After my last blog post, due to some of the responses, I decided to spend some time with Smalltalk.  As a DotNET developer by trade, I wanted to see what kinds of options were available for use on the CLR.  Unfortunately, out of the five different DotNET Smalltalk flavors that have been created, not a single one is still under development.  In fact, there are no 2.0 compatible Smalltalk CLR compilers to be found anywhere.

I’ve been able to dig up a little history about each one but these histories are by no means complete. If you have any additional information on any of these projects, I would love to hear about what happened to them.

 

#Smalltalk

Last Updated: September 12th, 2003
Framework Support: 1.0, 1.1

#Smalltalk is the joint child of John Brant and Don Roberts from the Department of Computer Science, University of Illinois at Urbana-Champaign.   Very little information seems to be available except for the notes on its website.  As this project was released under a combination of the MIT License and the Open Software License, and the source is still available for download, it has the greatest chance to be resurrected.

 

LSWVST.NET

Last Updated: April 4th, 2007
Framework Support: ?

Little is known about the variant as it exists, if at all, inside the dark recesses of lesser software. It has never been released outside of the company. The website looks utilitarian but the feature lists are impressive. Lesser Software states on their website that if they were able to find 20 committed buyers of LSWVST.NET they would be willing to sell it. However, without some kind of public technology demo they will never develop any real community interest.

 

S# (Smallscript)

Last Updated: June 16th, 2004
Framework Support: 1.0, 1.1

David Simmons’s Smallscript project fell silent a couple of months after announcing its Technology Preview release in July of 2004.  More than two years later, in August of 2006, he gave an interview to Huw Collingbourne of Bitwise Magazine in which he stated that, while busy working at Microsoft, he was still actively working on S#.  A 2007 Usenet thread seems undecided as to if S# will never materialize.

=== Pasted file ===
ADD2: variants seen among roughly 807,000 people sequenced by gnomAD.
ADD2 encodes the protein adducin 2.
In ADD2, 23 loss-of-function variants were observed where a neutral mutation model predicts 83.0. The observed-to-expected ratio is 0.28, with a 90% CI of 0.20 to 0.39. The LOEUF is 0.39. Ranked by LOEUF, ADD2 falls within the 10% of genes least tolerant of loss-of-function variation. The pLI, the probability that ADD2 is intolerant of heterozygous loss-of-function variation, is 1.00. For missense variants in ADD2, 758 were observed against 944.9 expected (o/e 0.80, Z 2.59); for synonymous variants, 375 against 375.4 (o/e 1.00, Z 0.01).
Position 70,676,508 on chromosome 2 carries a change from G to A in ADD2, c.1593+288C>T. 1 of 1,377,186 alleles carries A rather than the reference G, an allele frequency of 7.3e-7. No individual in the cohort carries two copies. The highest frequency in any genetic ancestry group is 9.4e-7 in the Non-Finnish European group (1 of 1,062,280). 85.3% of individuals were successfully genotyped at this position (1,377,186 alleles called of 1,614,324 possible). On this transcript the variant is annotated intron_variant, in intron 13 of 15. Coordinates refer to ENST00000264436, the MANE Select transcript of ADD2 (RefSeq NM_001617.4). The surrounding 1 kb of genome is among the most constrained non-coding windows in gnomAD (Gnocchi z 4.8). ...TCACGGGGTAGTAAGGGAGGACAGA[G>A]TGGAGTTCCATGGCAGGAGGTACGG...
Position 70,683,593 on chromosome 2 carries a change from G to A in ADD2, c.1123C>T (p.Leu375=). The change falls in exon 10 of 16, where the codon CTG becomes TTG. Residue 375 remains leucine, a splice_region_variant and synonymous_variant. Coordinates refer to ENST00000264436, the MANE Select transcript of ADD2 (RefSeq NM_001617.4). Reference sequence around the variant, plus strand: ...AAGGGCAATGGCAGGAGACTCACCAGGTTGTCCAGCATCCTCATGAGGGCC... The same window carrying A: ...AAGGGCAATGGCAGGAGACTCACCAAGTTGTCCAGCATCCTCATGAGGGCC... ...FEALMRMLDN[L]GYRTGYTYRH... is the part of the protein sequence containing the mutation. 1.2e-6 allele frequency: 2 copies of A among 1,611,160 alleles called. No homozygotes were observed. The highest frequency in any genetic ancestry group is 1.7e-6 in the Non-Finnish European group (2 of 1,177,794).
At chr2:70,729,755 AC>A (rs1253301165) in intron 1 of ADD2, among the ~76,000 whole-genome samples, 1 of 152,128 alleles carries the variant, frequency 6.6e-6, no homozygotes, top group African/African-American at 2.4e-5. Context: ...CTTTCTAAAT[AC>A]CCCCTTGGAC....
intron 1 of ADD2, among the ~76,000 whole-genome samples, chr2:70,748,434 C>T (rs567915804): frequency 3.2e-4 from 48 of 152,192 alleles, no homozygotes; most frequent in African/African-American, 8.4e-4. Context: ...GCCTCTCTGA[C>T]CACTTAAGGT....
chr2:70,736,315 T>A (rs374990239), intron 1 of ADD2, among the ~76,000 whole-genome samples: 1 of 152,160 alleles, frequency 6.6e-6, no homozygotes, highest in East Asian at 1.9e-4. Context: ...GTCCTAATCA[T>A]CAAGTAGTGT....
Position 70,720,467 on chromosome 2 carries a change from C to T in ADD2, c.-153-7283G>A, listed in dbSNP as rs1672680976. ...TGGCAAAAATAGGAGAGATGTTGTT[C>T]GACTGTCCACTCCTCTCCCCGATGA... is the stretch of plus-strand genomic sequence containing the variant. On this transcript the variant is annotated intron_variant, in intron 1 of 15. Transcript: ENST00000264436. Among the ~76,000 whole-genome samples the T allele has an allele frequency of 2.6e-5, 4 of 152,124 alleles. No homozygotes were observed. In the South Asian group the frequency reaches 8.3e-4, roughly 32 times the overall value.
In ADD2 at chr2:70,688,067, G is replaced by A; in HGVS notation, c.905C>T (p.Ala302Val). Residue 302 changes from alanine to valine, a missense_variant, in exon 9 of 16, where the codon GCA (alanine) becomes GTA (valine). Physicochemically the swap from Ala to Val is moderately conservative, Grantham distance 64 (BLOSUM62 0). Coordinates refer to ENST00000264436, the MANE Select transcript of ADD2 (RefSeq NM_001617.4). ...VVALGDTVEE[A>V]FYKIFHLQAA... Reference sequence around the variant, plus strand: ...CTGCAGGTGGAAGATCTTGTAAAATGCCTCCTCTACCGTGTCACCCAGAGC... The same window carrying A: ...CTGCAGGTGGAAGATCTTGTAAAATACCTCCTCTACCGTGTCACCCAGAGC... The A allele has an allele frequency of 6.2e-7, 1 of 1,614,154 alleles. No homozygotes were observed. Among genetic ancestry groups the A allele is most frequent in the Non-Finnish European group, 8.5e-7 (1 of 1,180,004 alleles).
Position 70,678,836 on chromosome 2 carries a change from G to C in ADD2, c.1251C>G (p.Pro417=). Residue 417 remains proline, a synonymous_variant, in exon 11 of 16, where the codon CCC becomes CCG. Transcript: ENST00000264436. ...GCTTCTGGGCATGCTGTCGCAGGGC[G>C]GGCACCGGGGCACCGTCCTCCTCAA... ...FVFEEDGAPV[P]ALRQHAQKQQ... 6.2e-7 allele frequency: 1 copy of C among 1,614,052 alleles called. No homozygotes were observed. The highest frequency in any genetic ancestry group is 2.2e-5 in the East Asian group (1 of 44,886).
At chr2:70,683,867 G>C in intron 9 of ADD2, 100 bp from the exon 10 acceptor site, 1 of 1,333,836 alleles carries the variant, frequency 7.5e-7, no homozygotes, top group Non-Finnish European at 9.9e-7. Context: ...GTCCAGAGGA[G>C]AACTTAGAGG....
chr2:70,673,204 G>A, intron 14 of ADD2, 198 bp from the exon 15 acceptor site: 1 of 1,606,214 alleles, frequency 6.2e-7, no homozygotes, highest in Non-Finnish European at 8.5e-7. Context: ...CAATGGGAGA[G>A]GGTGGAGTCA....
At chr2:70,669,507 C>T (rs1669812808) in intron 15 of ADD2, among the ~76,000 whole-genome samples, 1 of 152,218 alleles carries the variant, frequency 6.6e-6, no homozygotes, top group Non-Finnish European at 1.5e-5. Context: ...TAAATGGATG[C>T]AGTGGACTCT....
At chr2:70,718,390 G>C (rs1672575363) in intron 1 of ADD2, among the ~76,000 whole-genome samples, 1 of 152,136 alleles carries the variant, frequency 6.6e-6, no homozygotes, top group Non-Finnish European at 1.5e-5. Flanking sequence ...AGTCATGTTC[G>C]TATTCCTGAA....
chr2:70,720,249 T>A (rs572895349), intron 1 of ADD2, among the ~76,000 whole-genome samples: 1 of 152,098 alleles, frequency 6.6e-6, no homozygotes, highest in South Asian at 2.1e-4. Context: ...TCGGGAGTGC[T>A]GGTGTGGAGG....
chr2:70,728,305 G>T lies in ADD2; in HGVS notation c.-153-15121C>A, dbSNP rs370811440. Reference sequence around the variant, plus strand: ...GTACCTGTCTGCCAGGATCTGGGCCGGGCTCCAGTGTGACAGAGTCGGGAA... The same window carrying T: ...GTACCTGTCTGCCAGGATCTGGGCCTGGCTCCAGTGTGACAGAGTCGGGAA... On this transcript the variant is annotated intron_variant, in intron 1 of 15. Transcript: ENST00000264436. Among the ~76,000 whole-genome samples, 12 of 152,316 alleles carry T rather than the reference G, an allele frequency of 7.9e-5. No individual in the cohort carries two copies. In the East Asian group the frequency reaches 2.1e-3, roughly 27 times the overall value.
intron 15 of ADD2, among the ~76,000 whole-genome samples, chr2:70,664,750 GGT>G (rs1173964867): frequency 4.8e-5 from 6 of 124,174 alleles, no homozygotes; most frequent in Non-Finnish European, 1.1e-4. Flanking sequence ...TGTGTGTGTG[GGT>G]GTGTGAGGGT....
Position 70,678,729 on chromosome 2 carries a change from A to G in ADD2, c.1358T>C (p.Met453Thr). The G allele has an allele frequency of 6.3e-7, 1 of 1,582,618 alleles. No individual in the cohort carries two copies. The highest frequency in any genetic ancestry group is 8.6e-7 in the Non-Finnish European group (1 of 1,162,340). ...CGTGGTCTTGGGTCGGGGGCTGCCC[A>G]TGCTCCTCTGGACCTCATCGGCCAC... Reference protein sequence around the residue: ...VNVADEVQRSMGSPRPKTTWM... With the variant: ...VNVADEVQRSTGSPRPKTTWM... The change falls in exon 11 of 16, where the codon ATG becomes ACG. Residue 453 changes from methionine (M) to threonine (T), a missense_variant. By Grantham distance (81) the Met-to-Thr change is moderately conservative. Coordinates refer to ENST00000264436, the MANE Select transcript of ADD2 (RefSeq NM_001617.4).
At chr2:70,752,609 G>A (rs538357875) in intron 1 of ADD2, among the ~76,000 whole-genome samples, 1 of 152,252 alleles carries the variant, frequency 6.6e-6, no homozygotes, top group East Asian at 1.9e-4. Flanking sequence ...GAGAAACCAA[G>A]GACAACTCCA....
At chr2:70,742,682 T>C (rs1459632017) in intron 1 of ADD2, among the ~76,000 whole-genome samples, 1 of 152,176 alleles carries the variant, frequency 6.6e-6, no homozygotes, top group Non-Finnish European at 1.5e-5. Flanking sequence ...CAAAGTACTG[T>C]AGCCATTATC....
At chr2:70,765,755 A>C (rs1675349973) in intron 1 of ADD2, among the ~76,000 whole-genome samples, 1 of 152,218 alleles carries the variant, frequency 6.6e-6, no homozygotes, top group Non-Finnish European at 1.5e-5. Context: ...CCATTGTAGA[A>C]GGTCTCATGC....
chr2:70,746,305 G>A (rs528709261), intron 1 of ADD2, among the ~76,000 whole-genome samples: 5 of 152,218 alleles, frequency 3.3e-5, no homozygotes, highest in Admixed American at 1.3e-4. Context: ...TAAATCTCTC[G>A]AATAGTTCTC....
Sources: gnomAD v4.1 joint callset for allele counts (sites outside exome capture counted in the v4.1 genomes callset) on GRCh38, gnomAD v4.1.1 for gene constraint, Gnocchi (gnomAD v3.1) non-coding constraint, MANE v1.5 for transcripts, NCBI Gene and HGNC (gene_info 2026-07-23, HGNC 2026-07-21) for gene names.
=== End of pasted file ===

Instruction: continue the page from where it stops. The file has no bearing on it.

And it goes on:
Even if S# never arrives, David Simmons is a respected member of the Smalltalk community and was going to give the keynote speech tomorrow at the Smalltalk Solutions 2008 conference.  However, he is no longer mentioned on the conference website and so most likely had to decline the offer.

 

VMX Smalltalk

Last Updated: Oct 7th 2004
Framework Support: ?

VMX was a multi-language scripting engine for .NET.  One of its interface languages was Smalltalk.  Because the company website is gone, along with most of the information about this tool, I was able to find little about this variant.  However, a demo is still available on the simtel website.

 

Vista Smalltalk

Last Updated: 2007?
Framework Support: ?

Last year Peter Fisks’s Vista Smalltalk had gotten a lot of press.  It was being pushed as an engine for rapid development of Silverlight applications.  Many were excited and it seemed as though Smalltalk was coming into the .NET scene in a big way. 

However, Peter seems to have mysteriously disappeared.   No one has seen hide nor hair of him since July of last year. There is at least one conspiracy theory floating around.  Was he was grabbed by James Governor to work at Sun Microsystems?  In any case the Vista Smalltalk website has long since disappeared and all traces, save some blog posts, have vanished.